After graduating, Mizuno began working at a company making CG video. When he first started, he created educational video content for young children, and had to develop animations for 2D characters. Mizuno was also involved in translating characters from picture book writers and character designers into 2D animation. Through his daily work drawing, he re-kindled his interest in illustration and composition.

Around this time, Mizuno discovered Pixiv, an art sharing image website, where he started sharing his illustrations online. He also shared his animations, but since animations took far longer to produce, he ended up focusing more on illustrations. In addition to his work for his company, Mizuno also does design work for magazine and CD covers, picture books and concept designs.


Mizuno likes robots. Like most mecha fans, he has a great interest in Gundam. His interest in Gundam began when he was a kid, buying capsule toys and collectible cards. For Mizuno, the SD Gundam he discovered from these toys and cards hold a special appeal for him more so than traditional Gundam.

SD Gundam line of gashapon figures

SD Gundam (or “Super Deformed” Gundam) are different in that all of the character proportions are completely squashed down, transforming gigantic menacing machines into smaller and more endearing ones. This early interest in SD Gundam quite likely influenced Mizuno’s own characteristically cute and charming mecha designs.

I didn’t know anything about “real” Gundam, for me those cute little deformed versions are the default for the series. The reason that my robots come out so cute when I draw them now is perhaps largely because that deformed shape is, to me, the original.

– Shinya Mizuno
Perspectives of Shinya Mizuno

Mizuno’s specialty is his ability to create original worlds through his drawings and illustrations by taking images and visuals from everyday mechanical machinery, and deforming them in creative and playful ways. His works speak for themselves; they are unique, striking, and always delightful to look at.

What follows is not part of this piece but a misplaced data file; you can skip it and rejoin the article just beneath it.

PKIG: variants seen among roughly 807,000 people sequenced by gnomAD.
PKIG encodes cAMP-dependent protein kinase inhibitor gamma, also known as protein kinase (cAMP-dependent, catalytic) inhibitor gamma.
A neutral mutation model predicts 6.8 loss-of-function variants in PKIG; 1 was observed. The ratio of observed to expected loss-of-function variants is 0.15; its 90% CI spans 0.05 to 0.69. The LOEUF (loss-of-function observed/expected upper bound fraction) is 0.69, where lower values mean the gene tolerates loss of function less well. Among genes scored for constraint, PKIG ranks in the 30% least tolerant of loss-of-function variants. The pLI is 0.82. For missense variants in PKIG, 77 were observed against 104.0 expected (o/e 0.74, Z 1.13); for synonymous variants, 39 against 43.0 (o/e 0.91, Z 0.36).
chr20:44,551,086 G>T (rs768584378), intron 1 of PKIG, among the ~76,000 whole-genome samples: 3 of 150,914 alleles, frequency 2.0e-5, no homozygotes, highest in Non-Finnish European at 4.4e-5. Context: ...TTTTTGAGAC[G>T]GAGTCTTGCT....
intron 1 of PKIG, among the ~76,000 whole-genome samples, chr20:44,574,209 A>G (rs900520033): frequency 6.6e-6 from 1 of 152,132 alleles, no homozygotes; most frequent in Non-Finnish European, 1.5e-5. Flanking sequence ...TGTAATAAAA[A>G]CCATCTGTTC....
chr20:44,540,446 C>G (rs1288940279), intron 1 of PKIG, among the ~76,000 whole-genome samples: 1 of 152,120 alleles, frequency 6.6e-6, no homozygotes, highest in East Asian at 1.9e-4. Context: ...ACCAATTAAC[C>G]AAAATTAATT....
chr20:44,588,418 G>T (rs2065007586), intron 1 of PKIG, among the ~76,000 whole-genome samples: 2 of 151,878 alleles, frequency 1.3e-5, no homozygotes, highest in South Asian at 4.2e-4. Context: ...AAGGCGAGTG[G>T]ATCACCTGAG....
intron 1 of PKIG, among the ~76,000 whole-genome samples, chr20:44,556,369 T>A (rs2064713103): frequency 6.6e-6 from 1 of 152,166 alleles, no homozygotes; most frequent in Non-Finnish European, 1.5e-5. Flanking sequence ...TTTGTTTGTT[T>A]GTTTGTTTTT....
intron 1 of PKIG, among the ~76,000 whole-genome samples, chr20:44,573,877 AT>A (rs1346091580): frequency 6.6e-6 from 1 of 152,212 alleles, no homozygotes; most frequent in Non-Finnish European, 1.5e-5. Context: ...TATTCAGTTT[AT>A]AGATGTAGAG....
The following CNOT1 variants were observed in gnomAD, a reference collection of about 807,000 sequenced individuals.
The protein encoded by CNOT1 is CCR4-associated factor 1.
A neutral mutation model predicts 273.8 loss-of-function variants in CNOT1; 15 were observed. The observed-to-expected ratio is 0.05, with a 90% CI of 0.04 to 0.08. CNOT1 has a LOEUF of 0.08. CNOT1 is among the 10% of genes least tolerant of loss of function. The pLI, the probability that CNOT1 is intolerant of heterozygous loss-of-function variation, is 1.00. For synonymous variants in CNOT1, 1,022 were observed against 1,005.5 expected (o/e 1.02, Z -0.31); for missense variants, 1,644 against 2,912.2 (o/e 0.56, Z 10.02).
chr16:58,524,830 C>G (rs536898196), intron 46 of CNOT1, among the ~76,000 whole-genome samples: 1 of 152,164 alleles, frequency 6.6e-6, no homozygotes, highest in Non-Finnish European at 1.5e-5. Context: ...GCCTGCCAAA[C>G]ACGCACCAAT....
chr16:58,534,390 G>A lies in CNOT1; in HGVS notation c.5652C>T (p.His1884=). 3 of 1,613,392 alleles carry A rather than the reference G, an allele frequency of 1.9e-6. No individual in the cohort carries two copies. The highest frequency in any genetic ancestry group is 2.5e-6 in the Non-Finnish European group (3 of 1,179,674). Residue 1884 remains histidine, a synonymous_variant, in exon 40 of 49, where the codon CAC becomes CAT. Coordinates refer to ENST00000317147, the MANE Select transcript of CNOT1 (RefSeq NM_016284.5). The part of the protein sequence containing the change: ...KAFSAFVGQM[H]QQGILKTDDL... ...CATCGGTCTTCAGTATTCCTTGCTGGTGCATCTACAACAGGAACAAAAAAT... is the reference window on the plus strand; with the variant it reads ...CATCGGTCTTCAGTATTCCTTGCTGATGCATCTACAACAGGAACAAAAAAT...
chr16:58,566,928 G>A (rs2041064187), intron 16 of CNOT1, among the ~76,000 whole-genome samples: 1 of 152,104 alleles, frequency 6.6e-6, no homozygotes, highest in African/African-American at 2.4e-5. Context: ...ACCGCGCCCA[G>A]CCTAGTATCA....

Mizuno-San Today

Today you can still find Mizuno on Pixiv, but his main platform has moved to Twitter (@miraityuuou). He enjoys being able to share his work with the world, and getting responses from people right away.

Mizuno has also published two books of his own work. Perspectives of Shinya Mizuno contains art including his mecha and other illustrations. His latest book, “働く車” (“Working Vehicles”) is a collection of his designs of fantastical heavy machinery.

Shinya Mizuno & Zecha Tactics

Mizuno mentioned in his book Perspectives of Shinya Mizuno that he would eventually like to do some design work for settings or robots to be used in a movie or anime. While Zecha Tactics might not be a movie or anime, we are still incredibly excited to be the first video game that attempts to translate Mizuno’s work.

Shinya Mizuno’s concept art for Zecha Tactics

Mizuno’s designs bring an eccentric charm to the world of Zecha Tactics that we couldn’t get from anyone else. The world of mecha has long been defined by some of the greatest pop culture franchises in history, but we aspire for Zecha Tactics to leave its own unique mark in the genre, and we’re thrilled to have Shinya Mizuno as part of our team.

This post drew heavily from Takoyoshi Saito’s interview of Shinya Mizuno published in Perspectives of Shinya Mizuno. We hope to conduct our own interview with Mizuno-san sometime in the near future to discuss his work on Zecha Tactics in more detail.

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Written by Clint, Community Director for Bit Egg Inc.